19th century painting of Bassua, Liberia with ship coming in, Courtesy of Library of Congress

For all these reasons, the colonization enterprise eventually became untenable. In addition, re-locating people abroad was very expensive. By 1867, the Society had only settled around 13,000 former emigrants in Liberia.

The majority of Blacks, ultimately, didn’t want to resettle in Africa. America was their home and they demanded their right to citizenry. Even so, Lincoln clung to the idea of colonization after most had given up on the effort as misguided.


If Abraham Lincoln supported colonization in the hope that it might both deter war and correct the moral sin of slavery, his hopes were dashed. Yet Lincoln continued to push financing for emigration of freedmen and women to Liberia as late as 1864. It was an effort he had shared with many anti-slavery Americans. However, the majority of leaders in the abolitionist movement were increasingly against the controversial, expensive, and ultimately unpopular effort. By the mid-19th century, Quakers of Goose Creek Meeting seem to have given up on colonization.


Anti-slavery beliefs remained a strong connection between Quakers and Abraham Lincoln. During the war years of 1861-1865, Lincoln received letters of support from many Americans, and specifically many Quakers, thrilled with his announcement of the Emancipation Proclamation. Quaker Caleb Russell – formerly of Goose Creek Meeting – and Sally Fenton wrote the President and received a reply.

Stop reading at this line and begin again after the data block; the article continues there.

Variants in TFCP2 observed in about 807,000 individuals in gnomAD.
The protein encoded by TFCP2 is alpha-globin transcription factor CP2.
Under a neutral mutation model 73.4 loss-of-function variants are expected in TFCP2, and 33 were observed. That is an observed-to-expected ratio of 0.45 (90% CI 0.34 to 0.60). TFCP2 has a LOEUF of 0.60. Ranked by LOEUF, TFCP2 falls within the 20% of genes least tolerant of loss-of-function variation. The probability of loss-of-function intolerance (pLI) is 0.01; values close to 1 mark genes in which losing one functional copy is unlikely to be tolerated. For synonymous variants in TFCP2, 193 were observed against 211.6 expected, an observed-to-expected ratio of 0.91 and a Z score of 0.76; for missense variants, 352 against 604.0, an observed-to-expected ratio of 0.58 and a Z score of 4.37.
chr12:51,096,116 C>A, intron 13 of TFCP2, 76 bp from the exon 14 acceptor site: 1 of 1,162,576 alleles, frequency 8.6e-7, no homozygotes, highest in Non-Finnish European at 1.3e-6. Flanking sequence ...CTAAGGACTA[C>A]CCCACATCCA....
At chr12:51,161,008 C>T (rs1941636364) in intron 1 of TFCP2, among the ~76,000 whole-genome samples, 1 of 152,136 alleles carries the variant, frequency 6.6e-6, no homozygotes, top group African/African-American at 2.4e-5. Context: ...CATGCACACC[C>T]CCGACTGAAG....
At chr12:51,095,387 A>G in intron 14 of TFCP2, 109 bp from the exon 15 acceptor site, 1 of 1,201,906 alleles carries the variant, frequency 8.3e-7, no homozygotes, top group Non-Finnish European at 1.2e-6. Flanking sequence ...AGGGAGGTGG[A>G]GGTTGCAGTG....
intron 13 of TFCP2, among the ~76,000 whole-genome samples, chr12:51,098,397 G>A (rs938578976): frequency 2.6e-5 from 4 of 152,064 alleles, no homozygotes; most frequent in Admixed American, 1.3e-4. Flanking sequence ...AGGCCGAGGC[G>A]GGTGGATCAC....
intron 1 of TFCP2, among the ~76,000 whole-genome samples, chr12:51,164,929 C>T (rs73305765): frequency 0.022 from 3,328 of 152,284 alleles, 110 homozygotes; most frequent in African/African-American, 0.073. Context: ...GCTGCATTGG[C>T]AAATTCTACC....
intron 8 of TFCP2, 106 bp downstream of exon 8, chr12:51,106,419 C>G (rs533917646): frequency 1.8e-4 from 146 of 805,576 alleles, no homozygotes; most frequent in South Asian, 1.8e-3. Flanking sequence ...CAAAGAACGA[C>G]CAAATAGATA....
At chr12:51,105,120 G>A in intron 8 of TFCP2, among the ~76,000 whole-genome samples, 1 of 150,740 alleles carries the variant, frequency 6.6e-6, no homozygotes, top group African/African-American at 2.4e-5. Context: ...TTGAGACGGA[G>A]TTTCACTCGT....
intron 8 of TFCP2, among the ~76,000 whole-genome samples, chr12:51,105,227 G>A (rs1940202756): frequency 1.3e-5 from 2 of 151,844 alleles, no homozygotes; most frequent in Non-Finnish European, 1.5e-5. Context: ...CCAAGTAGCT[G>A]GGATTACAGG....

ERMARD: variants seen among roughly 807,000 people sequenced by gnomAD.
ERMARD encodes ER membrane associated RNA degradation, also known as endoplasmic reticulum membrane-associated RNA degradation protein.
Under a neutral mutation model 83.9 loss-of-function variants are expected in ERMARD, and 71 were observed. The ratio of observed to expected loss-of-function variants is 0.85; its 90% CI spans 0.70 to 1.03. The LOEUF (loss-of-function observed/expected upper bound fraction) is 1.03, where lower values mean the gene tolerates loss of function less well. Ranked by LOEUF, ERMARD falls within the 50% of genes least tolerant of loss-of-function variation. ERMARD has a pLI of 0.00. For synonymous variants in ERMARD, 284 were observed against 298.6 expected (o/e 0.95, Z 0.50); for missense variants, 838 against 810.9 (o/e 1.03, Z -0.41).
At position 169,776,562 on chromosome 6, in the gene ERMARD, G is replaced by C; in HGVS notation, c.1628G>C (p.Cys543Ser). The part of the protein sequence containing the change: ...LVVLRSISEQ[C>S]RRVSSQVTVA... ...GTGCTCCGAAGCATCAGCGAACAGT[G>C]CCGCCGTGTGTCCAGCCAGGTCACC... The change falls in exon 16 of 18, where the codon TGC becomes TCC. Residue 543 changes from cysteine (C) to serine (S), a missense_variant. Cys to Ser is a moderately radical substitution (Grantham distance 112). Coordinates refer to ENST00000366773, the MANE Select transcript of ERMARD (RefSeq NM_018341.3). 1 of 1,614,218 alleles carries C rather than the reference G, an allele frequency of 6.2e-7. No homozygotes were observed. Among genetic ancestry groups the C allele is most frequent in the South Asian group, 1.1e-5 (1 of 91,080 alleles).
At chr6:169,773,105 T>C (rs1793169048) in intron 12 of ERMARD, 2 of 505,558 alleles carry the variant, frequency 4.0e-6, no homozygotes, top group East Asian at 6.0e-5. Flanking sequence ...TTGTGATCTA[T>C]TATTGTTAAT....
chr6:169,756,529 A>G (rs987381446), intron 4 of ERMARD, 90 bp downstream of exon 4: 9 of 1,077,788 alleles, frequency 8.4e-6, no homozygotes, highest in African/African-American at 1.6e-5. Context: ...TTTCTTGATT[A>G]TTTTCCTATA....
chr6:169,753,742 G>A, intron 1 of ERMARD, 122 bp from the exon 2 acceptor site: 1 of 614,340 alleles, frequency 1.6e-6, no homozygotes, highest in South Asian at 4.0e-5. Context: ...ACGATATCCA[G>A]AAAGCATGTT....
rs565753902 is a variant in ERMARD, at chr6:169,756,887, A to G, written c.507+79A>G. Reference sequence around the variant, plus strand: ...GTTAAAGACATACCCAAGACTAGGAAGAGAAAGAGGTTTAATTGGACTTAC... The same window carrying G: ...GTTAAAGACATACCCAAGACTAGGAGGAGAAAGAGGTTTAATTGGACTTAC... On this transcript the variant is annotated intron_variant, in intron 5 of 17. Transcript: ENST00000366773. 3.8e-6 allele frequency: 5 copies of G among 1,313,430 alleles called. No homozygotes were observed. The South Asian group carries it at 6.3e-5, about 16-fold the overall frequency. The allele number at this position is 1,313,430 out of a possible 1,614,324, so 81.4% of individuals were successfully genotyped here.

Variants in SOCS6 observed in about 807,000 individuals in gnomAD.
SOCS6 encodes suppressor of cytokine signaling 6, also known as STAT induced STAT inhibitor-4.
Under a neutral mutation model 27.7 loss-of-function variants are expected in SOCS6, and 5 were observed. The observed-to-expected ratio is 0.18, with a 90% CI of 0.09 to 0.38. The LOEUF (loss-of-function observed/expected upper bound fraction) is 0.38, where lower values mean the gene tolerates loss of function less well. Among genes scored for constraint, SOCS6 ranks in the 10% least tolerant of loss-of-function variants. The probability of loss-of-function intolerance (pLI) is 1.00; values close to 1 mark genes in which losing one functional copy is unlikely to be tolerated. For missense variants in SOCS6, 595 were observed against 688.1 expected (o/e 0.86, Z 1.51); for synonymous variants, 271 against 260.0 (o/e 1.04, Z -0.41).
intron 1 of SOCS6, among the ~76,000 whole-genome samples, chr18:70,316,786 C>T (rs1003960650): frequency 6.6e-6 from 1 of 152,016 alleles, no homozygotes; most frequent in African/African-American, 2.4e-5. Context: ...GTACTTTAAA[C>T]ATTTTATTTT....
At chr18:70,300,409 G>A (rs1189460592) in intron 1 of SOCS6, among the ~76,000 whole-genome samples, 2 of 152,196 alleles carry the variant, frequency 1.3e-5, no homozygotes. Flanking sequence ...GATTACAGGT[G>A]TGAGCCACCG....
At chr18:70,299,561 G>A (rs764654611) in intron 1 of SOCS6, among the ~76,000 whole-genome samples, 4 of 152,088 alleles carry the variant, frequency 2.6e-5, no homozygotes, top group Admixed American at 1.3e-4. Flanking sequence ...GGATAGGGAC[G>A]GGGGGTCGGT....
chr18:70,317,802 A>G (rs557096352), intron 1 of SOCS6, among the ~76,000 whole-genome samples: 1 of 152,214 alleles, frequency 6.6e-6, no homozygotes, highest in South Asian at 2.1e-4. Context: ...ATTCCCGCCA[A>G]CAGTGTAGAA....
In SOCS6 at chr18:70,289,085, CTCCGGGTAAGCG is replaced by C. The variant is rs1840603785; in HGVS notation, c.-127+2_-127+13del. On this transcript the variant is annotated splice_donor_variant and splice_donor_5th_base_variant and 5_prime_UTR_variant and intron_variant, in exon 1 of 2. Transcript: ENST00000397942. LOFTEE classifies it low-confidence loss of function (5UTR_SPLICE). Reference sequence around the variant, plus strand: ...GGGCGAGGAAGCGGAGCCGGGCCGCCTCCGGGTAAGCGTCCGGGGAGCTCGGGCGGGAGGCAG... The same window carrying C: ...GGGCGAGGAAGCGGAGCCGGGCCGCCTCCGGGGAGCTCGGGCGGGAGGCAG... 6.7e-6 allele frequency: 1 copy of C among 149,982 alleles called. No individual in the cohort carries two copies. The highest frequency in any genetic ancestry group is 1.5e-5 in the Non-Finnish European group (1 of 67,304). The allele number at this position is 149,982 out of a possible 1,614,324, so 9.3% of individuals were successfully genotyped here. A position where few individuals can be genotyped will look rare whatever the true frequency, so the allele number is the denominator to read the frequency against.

Lincoln also had occasional White House visits from Quakers. One of the most meaningful of those visits was with Quaker preacher Eliza Kirkbride Paul Gurney (1801-1881).

19th century woman photograph
Philadelphia born Quaker preacher Eliza Kirkbride Paul Gurney (1801-1881) Photo Courtesy of pinterest.

Lincoln met with Gurney in the White House, and the two subsequently corresponded. Lincoln’s September 4, 1864 letter to Eliza Gurney reveals his sensitivity to Quakers’ moral conflicts during the war, when the issue of slavery was being settled. Part of his letter states: “Your people – the Friends – have had, and are having, a very great trial. On principle, and faith, opposed to both war and oppression, they can only practically oppose oppression by war. In this hard dilemma, some have chosen one horn and some the other. For those appealing to me on conscientious grounds, I have done, and shall do, the best I could and can, in my own conscience, under my oath to the law. That you believe this I doubt not; and believing it, I shall receive, for our country and myself, your earnest prayers to our Father in Heaven. Your sincere friend, A. Lincoln”

War memos, including those sent by Union General Ulysses S. Grant, show that Lincoln was aware of Unionist Quakers living in Loudoun County, Virginia. Information on the war memos can be read here. Eliza Janney Rawson, writing in 1899 about her former father-in-law Quaker Samuel M. Janney, published a photostat of the travel pass issued to Janney by President Lincoln on May 3, 1864 (shown below, right) :

lincoln with glasses illustration
American civil war President Abraham Lincoln Point of Rocks Maryland


In 1866, Quakers in Loudoun County, Virginia changed their village name from “Goose Creek” to “Lincoln” in honor of the martyred President. It was a fitting tribute. Like Lincoln, many Quakers had supported colonization in a bid to end slavery without resorting to violence to achieve the goal. Eventually the nation was forced onto a different path. As Lincoln wrote to Eliza Gurney, on September 4, 1864: “On principle, and faith, opposed to both war and oppression... In this hard dilemma, some have chosen one horn and some the other.”

The Quaker path was one of pacifism and persuasion. The other path led to war but, eventually, to emancipation. Yet who is to say that both paths didn’t lead in the same direction, setting our nation’s course toward a better future?